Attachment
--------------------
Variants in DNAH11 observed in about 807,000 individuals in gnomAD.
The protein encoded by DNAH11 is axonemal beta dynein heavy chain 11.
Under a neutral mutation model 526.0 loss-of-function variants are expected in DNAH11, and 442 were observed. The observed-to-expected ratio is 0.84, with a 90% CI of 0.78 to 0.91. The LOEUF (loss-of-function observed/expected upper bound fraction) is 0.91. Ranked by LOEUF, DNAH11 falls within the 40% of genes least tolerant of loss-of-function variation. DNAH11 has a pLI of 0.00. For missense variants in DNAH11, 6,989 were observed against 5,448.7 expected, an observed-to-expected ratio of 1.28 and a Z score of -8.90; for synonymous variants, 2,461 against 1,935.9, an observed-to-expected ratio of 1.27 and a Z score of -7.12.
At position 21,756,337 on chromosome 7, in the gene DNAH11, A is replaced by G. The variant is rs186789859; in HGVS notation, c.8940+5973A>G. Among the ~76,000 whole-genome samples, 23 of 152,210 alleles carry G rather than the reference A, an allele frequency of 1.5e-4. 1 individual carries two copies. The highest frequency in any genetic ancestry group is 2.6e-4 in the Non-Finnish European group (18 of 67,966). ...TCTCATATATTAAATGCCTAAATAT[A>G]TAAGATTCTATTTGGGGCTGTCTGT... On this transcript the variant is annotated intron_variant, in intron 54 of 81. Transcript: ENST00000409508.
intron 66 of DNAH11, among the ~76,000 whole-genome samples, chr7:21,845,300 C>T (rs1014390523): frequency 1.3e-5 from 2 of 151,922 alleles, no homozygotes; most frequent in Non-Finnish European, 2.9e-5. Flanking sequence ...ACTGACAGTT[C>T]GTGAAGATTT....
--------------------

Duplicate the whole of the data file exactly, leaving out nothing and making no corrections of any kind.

Variants in DNAH11 observed in about 807,000 individuals in gnomAD.
The protein encoded by DNAH11 is axonemal beta dynein heavy chain 11.
Under a neutral mutation model 526.0 loss-of-function variants are expected in DNAH11, and 442 were observed. The observed-to-expected ratio is 0.84, with a 90% CI of 0.78 to 0.91. The LOEUF (loss-of-function observed/expected upper bound fraction) is 0.91. Ranked by LOEUF, DNAH11 falls within the 40% of genes least tolerant of loss-of-function variation. DNAH11 has a pLI of 0.00. For missense variants in DNAH11, 6,989 were observed against 5,448.7 expected, an observed-to-expected ratio of 1.28 and a Z score of -8.90; for synonymous variants, 2,461 against 1,935.9, an observed-to-expected ratio of 1.27 and a Z score of -7.12.
At position 21,756,337 on chromosome 7, in the gene DNAH11, A is replaced by G. The variant is rs186789859; in HGVS notation, c.8940+5973A>G. Among the ~76,000 whole-genome samples, 23 of 152,210 alleles carry G rather than the reference A, an allele frequency of 1.5e-4. 1 individual carries two copies. The highest frequency in any genetic ancestry group is 2.6e-4 in the Non-Finnish European group (18 of 67,966). ...TCTCATATATTAAATGCCTAAATAT[A>G]TAAGATTCTATTTGGGGCTGTCTGT... On this transcript the variant is annotated intron_variant, in intron 54 of 81. Transcript: ENST00000409508.
intron 66 of DNAH11, among the ~76,000 whole-genome samples, chr7:21,845,300 C>T (rs1014390523): frequency 1.3e-5 from 2 of 151,922 alleles, no homozygotes; most frequent in Non-Finnish European, 2.9e-5. Flanking sequence ...ACTGACAGTT[C>T]GTGAAGATTT....